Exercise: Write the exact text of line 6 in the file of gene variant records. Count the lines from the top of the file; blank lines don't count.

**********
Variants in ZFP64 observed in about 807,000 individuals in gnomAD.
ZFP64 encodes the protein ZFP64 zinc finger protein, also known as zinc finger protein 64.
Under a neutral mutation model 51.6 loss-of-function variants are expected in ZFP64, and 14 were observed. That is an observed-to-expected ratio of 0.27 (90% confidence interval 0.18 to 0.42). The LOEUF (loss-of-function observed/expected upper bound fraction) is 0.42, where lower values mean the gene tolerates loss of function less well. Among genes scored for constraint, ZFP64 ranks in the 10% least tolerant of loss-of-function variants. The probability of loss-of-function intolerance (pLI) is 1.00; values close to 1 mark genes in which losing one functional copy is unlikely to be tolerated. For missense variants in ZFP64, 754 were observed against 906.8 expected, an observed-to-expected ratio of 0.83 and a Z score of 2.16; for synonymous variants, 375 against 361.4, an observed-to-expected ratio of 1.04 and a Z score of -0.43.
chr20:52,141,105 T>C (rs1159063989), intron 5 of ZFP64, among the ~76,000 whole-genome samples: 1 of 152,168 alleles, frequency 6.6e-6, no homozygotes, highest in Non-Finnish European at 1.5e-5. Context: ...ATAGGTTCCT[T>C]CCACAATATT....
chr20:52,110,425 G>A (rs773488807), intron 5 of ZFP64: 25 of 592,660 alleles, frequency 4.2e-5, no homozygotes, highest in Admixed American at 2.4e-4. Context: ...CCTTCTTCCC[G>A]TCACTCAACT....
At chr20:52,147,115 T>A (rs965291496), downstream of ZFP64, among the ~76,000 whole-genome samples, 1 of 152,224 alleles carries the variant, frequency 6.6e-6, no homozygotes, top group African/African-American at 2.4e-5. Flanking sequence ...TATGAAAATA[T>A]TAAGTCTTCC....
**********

At chr20:52,147,115 T>A (rs965291496), downstream of ZFP64, among the ~76,000 whole-genome samples, 1 of 152,224 alleles carries the variant, frequency 6.6e-6, no homozygotes, top group African/African-American at 2.4e-5. Flanking sequence ...TATGAAAATA[T>A]TAAGTCTTCC....